Acute Infective Endocarditis
Caused by highly virulent organisms
Results in a rapid clinical course with severe destruction of valves - Affected valves are often previously normal
Subacute Infective Endocarditis
Caused by low virulence organisms - alpha-hemolytic (viridans) Streptococci
Affects previously deformed valves with less valvular destruction
What are vegetations?
Composed of thrombotic debris, fibrin, inflammatory cells,
microorganisms - friable which leads to embolisms
What are some risk factors for the development of infective endocarditis?
i. Preexisting valvular disease
ii. Prosthetic valves
iii. Immune deficiency
iv. Diabetes mellitus
v. Intravenous drug abuse
What are some major complications of infective endocarditis?
-Valvular insufficiency (or stenosis)
-Prosthetic valve dehiscence or paravalvular leak
ii. Embolic complications
What is Nonbacterial Thrombotic Endocarditis also known as?
What are the characteristics of Marantic Endocarditis?
Characterized by small (1-5mm), sterile vegetations on cardiac valves.
- Vegetations are composed of fibrin, platelets
- Vegetations are non-destructive but loosely attached to valves
What is Endocarditis of Systemic Lupus Erythematosus also known as?
What are the characteristics of Liebman-Sacks Endocarditis?
Small (1-4mm) sterile vegetations in patients with Systemic Lupus Erythematosus
- Consequence of immune complex deposition leading to valvulitis
- Most commonly seen on mitral and tricuspid valve undersurfaces
- May be associated with marked inflammation and necrosis of valve
What is the pathogenesis of acute rheumatic fever?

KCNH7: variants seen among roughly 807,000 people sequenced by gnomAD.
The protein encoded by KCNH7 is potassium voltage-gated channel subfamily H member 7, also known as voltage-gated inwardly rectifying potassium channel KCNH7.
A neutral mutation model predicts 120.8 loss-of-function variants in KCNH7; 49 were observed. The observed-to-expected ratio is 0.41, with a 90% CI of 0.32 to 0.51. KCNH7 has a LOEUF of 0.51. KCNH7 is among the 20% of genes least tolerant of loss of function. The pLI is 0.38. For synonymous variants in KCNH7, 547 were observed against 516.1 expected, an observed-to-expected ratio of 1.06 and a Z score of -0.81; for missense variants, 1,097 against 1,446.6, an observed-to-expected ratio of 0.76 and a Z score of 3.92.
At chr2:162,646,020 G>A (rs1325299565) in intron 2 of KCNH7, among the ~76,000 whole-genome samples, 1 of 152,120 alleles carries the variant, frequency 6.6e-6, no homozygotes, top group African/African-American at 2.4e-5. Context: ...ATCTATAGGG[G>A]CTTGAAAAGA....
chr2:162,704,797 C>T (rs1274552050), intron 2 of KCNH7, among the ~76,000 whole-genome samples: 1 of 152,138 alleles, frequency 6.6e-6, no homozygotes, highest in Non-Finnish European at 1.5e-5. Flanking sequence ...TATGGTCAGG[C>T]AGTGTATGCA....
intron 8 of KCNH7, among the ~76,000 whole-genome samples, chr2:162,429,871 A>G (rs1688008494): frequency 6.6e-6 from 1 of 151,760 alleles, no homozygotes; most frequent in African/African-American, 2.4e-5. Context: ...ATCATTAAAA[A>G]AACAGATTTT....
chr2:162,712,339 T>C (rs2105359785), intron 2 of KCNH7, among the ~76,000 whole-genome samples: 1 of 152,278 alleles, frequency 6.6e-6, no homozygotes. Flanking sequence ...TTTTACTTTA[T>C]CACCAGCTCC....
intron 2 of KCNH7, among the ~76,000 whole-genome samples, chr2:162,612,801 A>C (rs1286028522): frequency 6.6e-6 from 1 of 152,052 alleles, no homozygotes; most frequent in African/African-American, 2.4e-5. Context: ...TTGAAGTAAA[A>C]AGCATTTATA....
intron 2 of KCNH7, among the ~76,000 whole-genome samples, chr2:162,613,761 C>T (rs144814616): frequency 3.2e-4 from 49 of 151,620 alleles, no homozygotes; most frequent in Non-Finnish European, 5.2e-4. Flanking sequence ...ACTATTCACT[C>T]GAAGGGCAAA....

Acute, immunologically mediated, multisystem inflammatory disease and occurs 6-10 days after Group A (B-hemolytic) streptococcal pharyngitis due to cross reaction of antibodies.
- Antibodies directed against M proteins of strep cross-react with self-antigens in the heart
Who is most commonly affected by acute rheumatic fever?
Most commonly seen in children 5-15 years old
What is CHRONIC rheumatic fever?
Clinical manifestations develop years to decades after episode of acute rheumatic fever
-Manifests as valvular disease – most commonly mitral stenosis
What are the major criteria for acute rheumatic fever?
-Joints with migratory polyarthritis of large joints
-Erythema marginatum of skin
What are the minor criteria for acute rheumatic fever?
-Elevated acute-phase reactants
What is a common finding with chronic rheumatic fever?
-Valve leaflets become thickened, fused and the leaflet thickening and fusion can results in a classic “fish
mouth” or “ buttonhole” stenosis
What are Aschoff bodies comprised of?
– T lymphocytes
– plasma cells
• Anitschkowcells (caterpillar cells)
– multinucleated cells
What is pancarditis comprised of?
What is carcinoid heart disease?
Endocrine tumors most commonly involving the gastrointestinal tract and lung which secrete bioactive products – serotonin (5-hydroxytryptamine),
kallikrein, bradykinin, histamine, prostaglandins, tachykinins that affect the heart